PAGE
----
JOMO is the new FOMO

Discover The Joy of Missing Out in an Overstimulating Society 
By Erika Hoopes 27 December 2019

When you ask someone how they are, how often does the conversation go something like this: 

How was your week? Busy. 

How’s work? Oh you know, busy. 

How was your trip? Yeah good. Busy. 

Seems like the typical smalltalk answer to “How are you?” has changed from “I’m good” to “I’m busy.” As though busy is the new standard, the new cool. 

Does it actually feel good to be so busy that we rarely get a moment to ourselves? Maybe not, but in a fast-paced, modern world, we sometimes forget that we have a choice. We’re accustomed to living with constant entertainment: endless ways to learn more, experience more, do more, be more. It’s normal to be busy. How else do we fit it all in?

The Generation of Information Overload
In modern city life we process more information in one week than people living 150 years ago processed in a lifetime. We digest the equivalent of 174 newspapers/day. Bouncing back and forth between smartphone to laptop to real conversation to work to TV to street signs to billboards to fitbit to social gathering to book to podcast to apple watch -- this a typical day for us.

We’ve become addicted to stimulation. Which is why it’s not surprising that every free moment we have, we reach for the phone and bounce between news to instagram to email to whatsapp to youtube. Anything to give our brains more. Anything to avoid doing nothing. Our brains have evolved to absorb it all.
But at what cost?

Busyness Takes its Toll
Being busy makes us more prone to multi-tasking, to being less creative, to forgetting our priorities, to feeling overwhelmed, dissatisfied, inadequate. It’s exhausting, and over time endangers our mental and physical health.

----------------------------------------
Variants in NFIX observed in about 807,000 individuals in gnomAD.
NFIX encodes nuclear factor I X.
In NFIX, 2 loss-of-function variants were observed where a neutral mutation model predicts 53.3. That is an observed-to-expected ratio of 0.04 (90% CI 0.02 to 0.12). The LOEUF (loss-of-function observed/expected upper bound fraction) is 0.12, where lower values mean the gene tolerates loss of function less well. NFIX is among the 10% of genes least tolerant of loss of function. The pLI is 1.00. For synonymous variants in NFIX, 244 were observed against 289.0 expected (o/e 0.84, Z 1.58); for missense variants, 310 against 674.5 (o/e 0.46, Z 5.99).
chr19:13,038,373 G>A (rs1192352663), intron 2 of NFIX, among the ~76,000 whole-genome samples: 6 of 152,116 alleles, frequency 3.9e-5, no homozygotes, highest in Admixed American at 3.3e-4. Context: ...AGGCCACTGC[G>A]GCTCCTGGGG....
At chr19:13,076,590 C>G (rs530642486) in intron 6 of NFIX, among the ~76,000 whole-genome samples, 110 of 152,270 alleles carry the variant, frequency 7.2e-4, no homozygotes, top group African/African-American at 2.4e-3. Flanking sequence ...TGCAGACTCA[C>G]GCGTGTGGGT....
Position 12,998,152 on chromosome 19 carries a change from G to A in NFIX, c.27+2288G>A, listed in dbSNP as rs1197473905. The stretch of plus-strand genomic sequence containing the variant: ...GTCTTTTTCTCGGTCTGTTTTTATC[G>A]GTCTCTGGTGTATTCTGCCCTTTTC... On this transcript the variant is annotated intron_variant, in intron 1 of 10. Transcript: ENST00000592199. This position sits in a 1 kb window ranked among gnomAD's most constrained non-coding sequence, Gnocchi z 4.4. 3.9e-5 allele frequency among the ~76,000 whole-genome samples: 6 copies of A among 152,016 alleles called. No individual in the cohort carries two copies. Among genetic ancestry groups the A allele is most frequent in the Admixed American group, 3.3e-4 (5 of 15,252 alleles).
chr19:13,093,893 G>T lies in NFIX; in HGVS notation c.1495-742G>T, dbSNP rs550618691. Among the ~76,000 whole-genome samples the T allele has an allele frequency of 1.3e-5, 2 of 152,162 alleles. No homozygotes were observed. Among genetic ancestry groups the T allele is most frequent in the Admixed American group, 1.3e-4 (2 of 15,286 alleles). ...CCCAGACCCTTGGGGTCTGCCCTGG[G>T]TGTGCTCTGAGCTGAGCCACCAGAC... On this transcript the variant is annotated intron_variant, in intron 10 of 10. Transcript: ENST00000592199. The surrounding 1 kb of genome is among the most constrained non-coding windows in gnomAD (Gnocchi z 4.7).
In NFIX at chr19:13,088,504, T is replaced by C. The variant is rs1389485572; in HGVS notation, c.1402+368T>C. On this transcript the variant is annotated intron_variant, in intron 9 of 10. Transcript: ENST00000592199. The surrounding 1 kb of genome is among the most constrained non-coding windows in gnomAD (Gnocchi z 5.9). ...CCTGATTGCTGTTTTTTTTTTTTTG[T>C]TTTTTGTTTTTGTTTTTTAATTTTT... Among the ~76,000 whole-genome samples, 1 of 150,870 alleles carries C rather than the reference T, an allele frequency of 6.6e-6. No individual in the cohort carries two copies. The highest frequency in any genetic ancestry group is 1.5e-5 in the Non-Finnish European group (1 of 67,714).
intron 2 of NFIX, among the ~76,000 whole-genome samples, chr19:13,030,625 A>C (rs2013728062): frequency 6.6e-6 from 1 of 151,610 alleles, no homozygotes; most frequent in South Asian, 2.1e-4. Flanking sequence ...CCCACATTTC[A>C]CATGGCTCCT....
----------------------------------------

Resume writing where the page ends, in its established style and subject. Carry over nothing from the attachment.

Busyness leaves us constantly going somewhere, reaching for something, but never arriving.
How do we arrive?

JOMO: The Joy of Missing Out 
We can give ourselves permission to miss out on something we think we should do or see or know. As Buddhist teacher Pema Chodron reminds us, “it’s a transformative experience to simple pause instead of immediately fill up the space.”
Let’s leave the space open. When our boss asks us to work extra hours, let’s say no. When we get invited to another event after an already hectic week, let’s stay home. And at home when tempted by netflix, the internet, that world of opportunity at our fingertips, let’s put down our phones.  

Appreciating Space 
Then what? We can pause and breathe. We can let go of the need to do something. We can notice everything that’s already happening without our doing. We can close our eyes, turn inward, and feel the spaciousness inside and around us. With practice, we can recondition our brains to appreciate simplicity. 

Through missing out, saying no, and slowing down in a world that keeps pushing us forward, we start to become aware of parts of ourselves that have been hiding or straggling behind. With fresh eyes, we can attend to ourselves, and free ourselves from that never-ending quest for more. We can finally arrive. To a place of connection and contentment. A place where instead of busy, our week was “fulfilling,” our work is “challenging” or “inspiring,” and our trips are “exciting” and “exhilarating.” A place where we can know and feel the joy of just being alive.